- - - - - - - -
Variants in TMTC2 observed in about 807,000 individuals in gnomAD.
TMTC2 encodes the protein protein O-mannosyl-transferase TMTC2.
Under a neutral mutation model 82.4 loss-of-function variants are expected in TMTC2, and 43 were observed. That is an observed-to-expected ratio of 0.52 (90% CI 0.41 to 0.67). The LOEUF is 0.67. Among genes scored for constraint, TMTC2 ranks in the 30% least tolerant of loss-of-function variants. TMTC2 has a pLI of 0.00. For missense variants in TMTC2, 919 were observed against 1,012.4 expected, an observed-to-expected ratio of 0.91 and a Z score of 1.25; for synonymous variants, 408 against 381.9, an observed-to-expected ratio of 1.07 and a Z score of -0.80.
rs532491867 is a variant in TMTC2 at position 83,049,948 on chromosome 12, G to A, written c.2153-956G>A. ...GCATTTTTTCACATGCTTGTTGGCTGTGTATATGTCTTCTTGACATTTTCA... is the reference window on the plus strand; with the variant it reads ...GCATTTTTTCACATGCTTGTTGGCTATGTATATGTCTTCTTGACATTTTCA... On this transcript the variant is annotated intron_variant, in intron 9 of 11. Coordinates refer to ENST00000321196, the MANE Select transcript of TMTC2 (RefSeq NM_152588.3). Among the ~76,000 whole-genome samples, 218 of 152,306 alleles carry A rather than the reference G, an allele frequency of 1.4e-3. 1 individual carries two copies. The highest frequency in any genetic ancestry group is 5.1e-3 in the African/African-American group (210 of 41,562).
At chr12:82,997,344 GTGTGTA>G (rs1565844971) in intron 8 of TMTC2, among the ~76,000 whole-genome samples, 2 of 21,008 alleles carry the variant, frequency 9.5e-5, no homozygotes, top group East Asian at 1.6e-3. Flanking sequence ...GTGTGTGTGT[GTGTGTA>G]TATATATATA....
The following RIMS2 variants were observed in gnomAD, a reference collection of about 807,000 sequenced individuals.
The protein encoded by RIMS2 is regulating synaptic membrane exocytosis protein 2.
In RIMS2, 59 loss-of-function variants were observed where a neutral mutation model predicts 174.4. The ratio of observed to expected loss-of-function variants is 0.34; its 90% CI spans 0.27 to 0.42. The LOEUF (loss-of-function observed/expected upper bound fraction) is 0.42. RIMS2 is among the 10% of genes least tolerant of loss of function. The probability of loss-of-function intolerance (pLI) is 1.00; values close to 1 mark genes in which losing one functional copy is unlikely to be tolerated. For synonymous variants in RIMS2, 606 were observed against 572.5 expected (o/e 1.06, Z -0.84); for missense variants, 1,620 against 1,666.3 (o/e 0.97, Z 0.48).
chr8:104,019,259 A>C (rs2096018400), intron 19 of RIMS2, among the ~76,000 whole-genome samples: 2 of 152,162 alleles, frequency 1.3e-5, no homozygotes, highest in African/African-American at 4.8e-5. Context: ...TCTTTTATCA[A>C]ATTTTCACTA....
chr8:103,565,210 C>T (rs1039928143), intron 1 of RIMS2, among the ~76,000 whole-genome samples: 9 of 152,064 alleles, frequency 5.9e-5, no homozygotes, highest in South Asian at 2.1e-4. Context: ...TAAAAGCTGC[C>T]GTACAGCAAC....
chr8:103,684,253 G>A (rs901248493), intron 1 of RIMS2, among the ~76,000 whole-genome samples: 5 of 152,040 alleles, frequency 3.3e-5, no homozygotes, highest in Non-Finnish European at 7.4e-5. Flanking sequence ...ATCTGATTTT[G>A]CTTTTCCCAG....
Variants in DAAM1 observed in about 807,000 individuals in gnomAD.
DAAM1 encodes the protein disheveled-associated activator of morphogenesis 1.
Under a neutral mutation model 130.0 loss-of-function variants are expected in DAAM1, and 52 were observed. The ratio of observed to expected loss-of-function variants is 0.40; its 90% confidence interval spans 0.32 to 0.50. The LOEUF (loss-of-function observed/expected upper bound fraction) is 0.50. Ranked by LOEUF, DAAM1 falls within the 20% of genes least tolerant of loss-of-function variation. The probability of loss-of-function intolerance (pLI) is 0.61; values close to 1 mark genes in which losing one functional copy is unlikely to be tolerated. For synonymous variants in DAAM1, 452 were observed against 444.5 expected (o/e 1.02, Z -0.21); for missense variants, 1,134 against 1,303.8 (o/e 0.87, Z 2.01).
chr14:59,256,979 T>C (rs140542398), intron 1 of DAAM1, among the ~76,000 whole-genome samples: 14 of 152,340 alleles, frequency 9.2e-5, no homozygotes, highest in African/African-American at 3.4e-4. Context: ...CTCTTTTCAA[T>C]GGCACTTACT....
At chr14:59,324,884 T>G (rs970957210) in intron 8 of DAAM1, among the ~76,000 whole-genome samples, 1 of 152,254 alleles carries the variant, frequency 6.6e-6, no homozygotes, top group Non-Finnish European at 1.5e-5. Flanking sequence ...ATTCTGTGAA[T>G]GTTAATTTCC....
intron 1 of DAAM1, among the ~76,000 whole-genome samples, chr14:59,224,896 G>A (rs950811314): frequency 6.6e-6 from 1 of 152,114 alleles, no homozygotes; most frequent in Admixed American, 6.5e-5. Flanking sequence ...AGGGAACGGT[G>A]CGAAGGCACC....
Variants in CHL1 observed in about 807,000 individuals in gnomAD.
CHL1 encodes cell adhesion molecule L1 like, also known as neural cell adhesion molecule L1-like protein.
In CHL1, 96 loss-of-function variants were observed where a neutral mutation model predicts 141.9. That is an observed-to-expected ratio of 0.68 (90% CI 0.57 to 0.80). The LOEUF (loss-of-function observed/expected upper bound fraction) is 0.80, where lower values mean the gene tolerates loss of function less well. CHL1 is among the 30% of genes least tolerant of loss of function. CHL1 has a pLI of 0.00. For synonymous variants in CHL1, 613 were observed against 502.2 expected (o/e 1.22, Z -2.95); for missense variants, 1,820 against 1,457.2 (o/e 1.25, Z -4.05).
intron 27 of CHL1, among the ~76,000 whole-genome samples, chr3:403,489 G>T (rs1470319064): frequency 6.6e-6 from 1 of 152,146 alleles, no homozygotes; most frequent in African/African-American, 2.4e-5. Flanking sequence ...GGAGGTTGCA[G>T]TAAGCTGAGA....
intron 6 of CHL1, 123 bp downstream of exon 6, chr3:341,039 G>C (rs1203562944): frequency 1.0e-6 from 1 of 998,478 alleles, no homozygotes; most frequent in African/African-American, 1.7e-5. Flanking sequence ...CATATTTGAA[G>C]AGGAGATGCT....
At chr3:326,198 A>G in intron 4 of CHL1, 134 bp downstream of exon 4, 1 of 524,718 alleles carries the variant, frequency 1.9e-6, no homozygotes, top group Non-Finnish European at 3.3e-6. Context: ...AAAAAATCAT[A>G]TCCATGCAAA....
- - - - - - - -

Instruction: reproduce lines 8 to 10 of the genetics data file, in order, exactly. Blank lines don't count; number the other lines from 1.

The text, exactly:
In RIMS2, 59 loss-of-function variants were observed where a neutral mutation model predicts 174.4. The ratio of observed to expected loss-of-function variants is 0.34; its 90% CI spans 0.27 to 0.42. The LOEUF (loss-of-function observed/expected upper bound fraction) is 0.42. RIMS2 is among the 10% of genes least tolerant of loss of function. The probability of loss-of-function intolerance (pLI) is 1.00; values close to 1 mark genes in which losing one functional copy is unlikely to be tolerated. For synonymous variants in RIMS2, 606 were observed against 572.5 expected (o/e 1.06, Z -0.84); for missense variants, 1,620 against 1,666.3 (o/e 0.97, Z 0.48).
chr8:104,019,259 A>C (rs2096018400), intron 19 of RIMS2, among the ~76,000 whole-genome samples: 2 of 152,162 alleles, frequency 1.3e-5, no homozygotes, highest in African/African-American at 4.8e-5. Context: ...TCTTTTATCA[A>C]ATTTTCACTA....
chr8:103,565,210 C>T (rs1039928143), intron 1 of RIMS2, among the ~76,000 whole-genome samples: 9 of 152,064 alleles, frequency 5.9e-5, no homozygotes, highest in South Asian at 2.1e-4. Context: ...TAAAAGCTGC[C>T]GTACAGCAAC....